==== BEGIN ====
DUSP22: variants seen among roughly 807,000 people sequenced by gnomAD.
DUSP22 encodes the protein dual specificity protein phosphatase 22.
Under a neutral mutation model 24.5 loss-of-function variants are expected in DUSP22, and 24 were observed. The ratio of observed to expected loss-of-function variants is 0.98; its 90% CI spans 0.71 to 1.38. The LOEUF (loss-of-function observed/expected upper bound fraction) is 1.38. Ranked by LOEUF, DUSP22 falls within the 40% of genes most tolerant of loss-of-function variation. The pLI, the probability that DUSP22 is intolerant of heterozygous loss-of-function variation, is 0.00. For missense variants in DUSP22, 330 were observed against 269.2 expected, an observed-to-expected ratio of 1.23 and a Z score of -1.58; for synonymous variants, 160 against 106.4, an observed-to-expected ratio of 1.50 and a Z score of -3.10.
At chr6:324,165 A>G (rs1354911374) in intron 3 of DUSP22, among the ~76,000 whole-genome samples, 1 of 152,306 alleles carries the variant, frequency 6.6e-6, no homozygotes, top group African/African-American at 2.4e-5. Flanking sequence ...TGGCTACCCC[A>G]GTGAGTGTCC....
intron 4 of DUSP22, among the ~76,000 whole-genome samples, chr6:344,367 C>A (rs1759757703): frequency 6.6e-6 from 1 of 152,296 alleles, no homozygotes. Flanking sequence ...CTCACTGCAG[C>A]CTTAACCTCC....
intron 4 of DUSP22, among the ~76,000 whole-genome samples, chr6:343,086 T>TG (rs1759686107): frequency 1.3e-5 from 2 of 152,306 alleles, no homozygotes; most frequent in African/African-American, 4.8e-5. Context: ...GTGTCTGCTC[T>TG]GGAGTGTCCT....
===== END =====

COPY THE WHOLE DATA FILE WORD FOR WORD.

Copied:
DUSP22: variants seen among roughly 807,000 people sequenced by gnomAD.
DUSP22 encodes the protein dual specificity protein phosphatase 22.
Under a neutral mutation model 24.5 loss-of-function variants are expected in DUSP22, and 24 were observed. The ratio of observed to expected loss-of-function variants is 0.98; its 90% CI spans 0.71 to 1.38. The LOEUF (loss-of-function observed/expected upper bound fraction) is 1.38. Ranked by LOEUF, DUSP22 falls within the 40% of genes most tolerant of loss-of-function variation. The pLI, the probability that DUSP22 is intolerant of heterozygous loss-of-function variation, is 0.00. For missense variants in DUSP22, 330 were observed against 269.2 expected, an observed-to-expected ratio of 1.23 and a Z score of -1.58; for synonymous variants, 160 against 106.4, an observed-to-expected ratio of 1.50 and a Z score of -3.10.
At chr6:324,165 A>G (rs1354911374) in intron 3 of DUSP22, among the ~76,000 whole-genome samples, 1 of 152,306 alleles carries the variant, frequency 6.6e-6, no homozygotes, top group African/African-American at 2.4e-5. Flanking sequence ...TGGCTACCCC[A>G]GTGAGTGTCC....
intron 4 of DUSP22, among the ~76,000 whole-genome samples, chr6:344,367 C>A (rs1759757703): frequency 6.6e-6 from 1 of 152,296 alleles, no homozygotes. Flanking sequence ...CTCACTGCAG[C>A]CTTAACCTCC....
intron 4 of DUSP22, among the ~76,000 whole-genome samples, chr6:343,086 T>TG (rs1759686107): frequency 1.3e-5 from 2 of 152,306 alleles, no homozygotes; most frequent in African/African-American, 4.8e-5. Context: ...GTGTCTGCTC[T>TG]GGAGTGTCCT....